As the genomic era in oncology unfolds, the development of new therapeutics increasingly will involve targeting a range of mutations simultaneously, requiring a "next-generation clinical trials system" to match the advances that technology is delivering.
George W. Sledge, Jr, MD
As the genomic era in oncology unfolds, the development of new therapeutics increasingly will involve targeting a range of mutations simultaneously, requiring a “next-generation clinical trials system” to match the advances that technology is delivering, according to George W. Sledge, Jr, MD.
Sledge told attendees at the 30th Annual Miami Breast Cancer Conference Saturday that last year marked a leap forward in understanding breast cancer as the results of many genomic analyses became available. The range of mutations uncovered in individual tumors will necessitate moving beyond battling cancer by identifying a particular molecular process, as has been the case in the targeted therapy era, to multiple driver mutations.
“We’re clearly entering a new age and that age is what I consider to be the genomic era,” said Sledge, who is chief of the Oncology Division at Stanford University School of Medicine in California and a past president of the American Society of Clinical Oncology. “This is an era of great promise. We’re at the point where we’ll be able to tell an individual what’s driving their cancer but it’s going to require a whole lot more of us.”
In developing new therapeutics, researchers will have to focus not only on qualitative mutations but also quantitative aberrations, Sledge said. “We don’t need a magic bullet, we need a magic shotgun,” he said. “We need something that can shoot pellets at a lot of different targets and do so more or less simultaneously.”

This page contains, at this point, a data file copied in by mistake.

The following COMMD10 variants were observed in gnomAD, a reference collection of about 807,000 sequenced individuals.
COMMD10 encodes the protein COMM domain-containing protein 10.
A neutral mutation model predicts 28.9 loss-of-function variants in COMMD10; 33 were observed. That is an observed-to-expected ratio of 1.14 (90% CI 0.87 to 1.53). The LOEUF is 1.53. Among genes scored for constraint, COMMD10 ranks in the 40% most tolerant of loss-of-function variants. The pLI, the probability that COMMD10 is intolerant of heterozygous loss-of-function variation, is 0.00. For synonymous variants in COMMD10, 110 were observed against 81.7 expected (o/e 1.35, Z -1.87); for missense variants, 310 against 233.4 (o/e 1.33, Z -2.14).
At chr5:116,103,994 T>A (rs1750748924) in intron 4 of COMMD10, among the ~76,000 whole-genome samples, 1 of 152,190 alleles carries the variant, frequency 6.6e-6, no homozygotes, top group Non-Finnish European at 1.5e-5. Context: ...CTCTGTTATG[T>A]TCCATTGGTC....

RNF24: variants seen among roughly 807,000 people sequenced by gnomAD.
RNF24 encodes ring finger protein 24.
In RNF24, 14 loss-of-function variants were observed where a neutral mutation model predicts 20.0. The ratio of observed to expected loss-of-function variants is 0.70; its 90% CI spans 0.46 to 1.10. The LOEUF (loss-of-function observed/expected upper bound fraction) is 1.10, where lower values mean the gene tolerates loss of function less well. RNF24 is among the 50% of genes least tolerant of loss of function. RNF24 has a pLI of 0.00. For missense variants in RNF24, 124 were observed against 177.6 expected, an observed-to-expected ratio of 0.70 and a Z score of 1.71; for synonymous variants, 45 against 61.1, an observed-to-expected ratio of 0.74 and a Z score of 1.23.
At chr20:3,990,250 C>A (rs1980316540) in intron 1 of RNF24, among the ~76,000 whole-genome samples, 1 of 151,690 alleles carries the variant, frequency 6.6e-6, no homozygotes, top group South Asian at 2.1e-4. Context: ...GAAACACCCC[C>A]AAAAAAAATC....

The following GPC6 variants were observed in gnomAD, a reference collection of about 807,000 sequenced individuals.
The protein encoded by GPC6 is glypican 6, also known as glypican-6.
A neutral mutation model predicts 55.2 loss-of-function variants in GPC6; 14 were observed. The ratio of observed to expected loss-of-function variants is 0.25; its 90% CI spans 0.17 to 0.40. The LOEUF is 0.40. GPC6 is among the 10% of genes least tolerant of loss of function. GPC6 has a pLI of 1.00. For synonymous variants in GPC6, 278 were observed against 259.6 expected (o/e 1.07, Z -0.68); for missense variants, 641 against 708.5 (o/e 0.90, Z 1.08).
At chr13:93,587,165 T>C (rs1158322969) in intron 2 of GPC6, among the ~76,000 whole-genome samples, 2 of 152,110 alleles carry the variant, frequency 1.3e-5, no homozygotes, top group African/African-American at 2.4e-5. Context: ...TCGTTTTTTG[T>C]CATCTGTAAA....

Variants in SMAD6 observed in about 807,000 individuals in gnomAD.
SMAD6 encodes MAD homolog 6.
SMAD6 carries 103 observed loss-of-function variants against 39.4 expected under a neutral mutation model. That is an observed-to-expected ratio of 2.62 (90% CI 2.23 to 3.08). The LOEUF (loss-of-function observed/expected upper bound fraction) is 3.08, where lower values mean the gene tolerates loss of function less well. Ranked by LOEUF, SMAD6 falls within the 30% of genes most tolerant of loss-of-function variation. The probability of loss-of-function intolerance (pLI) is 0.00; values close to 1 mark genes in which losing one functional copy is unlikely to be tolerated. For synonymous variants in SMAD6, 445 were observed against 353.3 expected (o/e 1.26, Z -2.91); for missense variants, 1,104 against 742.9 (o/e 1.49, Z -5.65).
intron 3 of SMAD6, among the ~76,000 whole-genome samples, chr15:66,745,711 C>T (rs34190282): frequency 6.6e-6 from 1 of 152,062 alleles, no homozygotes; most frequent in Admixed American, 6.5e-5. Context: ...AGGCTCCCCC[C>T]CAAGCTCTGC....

He said the current clinical trials system is poorly equipped to take advantage of advances in knowledge about cancer genomics and that many changes are needed. His ideas for overhauling the system include trials designed around multitargeting, greater collaboration among research entities, an information network for clinical trials, a redesigned informed consent process, and a “fundamentally different regulatory apparatus.”
“We have next-generation sequencing. We need a next-generation clinical trials system, “ Sledge said. Sledge noted that technological advances have delivered an explosion of information at an ever-decreasing cost. He said the sequencing of the first human genome took 13 years and cost approximately $3 billion; in the next several years, researchers likely will be able to sequence a genome in less than two weeks at a cost of about $1000. He said the price would drop further and that the challenge would be using the information generated.
“The evaluation of that gene chip that you order will be incredibly complicated and will require a significant amount of playing out over the next decade in terms of how we use it,” he said. Sledge said genomics research has revealed that cancers can be described broadly as either “stupid” or “smart.”
Cancers that are stupid have a single dominant mutation and a small mutational load, meaning that monotherapy will be effective and that resistance to therapy will occur rarely and along the same pathway.
In contrast, smart cancers show multiple mutational drivers with a large mutational load, requiring multitargeted therapy to which resistance is common and occurs early in treatment.
Chronic myeloid leukemia, with bcr-abl as a target and a relatively small mutational load, is an example of a stupid cancer, Sledge said. Smart cancers with a greater mutational load include those where patients’ lifestyles play a role, such as lung cancer and melanoma.
Breast cancer falls in the middle of the mutational spectrum, with subtypes that reflect the genomic complexities of the malignancies, Sledge said. “This distinction between stupid cancers and smart cancers drives a lot of what we know about the prognosis of human cancers, and it increasingly will drive how we approach these cancers from a therapeutic standpoint,” he said.
For example, Sledge said, an analysis of triple-negative breast cancer found 32 somatic mutations,1 showing a “genomic chaos” that makes the malignancy a collection of orphan diseases. Attacking a tumor type with so many mutations becomes an oncology version of the Whack-a- Mole arcade game, he said.
“We’re dealing with this rapid emergence of compensatory mechanisms of resistance that have a deep genomic basis which we now for the very first time in human history can measure and increasingly will be able to measure by an individual basis,” Sledge said. “One has to think this will change how we think about the cancer and how we approach cancer from a therapeutic standpoint.”